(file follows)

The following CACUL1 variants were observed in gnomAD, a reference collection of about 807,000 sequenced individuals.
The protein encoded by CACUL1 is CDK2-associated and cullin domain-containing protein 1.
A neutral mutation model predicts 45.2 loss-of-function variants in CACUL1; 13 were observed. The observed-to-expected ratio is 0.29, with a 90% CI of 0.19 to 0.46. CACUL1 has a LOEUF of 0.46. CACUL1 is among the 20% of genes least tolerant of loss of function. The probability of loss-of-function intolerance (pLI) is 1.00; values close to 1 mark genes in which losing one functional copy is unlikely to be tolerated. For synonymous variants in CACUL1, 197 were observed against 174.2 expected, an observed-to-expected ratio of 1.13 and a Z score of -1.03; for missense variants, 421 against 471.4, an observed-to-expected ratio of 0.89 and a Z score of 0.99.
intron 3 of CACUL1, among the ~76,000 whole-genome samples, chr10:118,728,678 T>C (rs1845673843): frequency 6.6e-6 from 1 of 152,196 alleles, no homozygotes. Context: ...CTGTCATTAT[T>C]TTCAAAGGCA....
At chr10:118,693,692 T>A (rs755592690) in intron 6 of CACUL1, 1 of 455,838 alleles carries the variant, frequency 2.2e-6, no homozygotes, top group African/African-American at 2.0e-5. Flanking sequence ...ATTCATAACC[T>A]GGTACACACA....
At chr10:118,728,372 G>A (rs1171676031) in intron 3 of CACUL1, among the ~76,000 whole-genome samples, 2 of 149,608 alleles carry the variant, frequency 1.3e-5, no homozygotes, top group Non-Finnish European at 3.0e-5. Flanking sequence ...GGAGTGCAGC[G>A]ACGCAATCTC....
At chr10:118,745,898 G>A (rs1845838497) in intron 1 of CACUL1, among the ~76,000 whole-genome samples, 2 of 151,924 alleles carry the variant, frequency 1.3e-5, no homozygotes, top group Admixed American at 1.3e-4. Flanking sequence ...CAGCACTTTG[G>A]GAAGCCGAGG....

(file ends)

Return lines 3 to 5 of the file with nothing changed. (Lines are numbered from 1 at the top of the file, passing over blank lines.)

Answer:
A neutral mutation model predicts 45.2 loss-of-function variants in CACUL1; 13 were observed. The observed-to-expected ratio is 0.29, with a 90% CI of 0.19 to 0.46. CACUL1 has a LOEUF of 0.46. CACUL1 is among the 20% of genes least tolerant of loss of function. The probability of loss-of-function intolerance (pLI) is 1.00; values close to 1 mark genes in which losing one functional copy is unlikely to be tolerated. For synonymous variants in CACUL1, 197 were observed against 174.2 expected, an observed-to-expected ratio of 1.13 and a Z score of -1.03; for missense variants, 421 against 471.4, an observed-to-expected ratio of 0.89 and a Z score of 0.99.
intron 3 of CACUL1, among the ~76,000 whole-genome samples, chr10:118,728,678 T>C (rs1845673843): frequency 6.6e-6 from 1 of 152,196 alleles, no homozygotes. Context: ...CTGTCATTAT[T>C]TTCAAAGGCA....
At chr10:118,693,692 T>A (rs755592690) in intron 6 of CACUL1, 1 of 455,838 alleles carries the variant, frequency 2.2e-6, no homozygotes, top group African/African-American at 2.0e-5. Flanking sequence ...ATTCATAACC[T>A]GGTACACACA....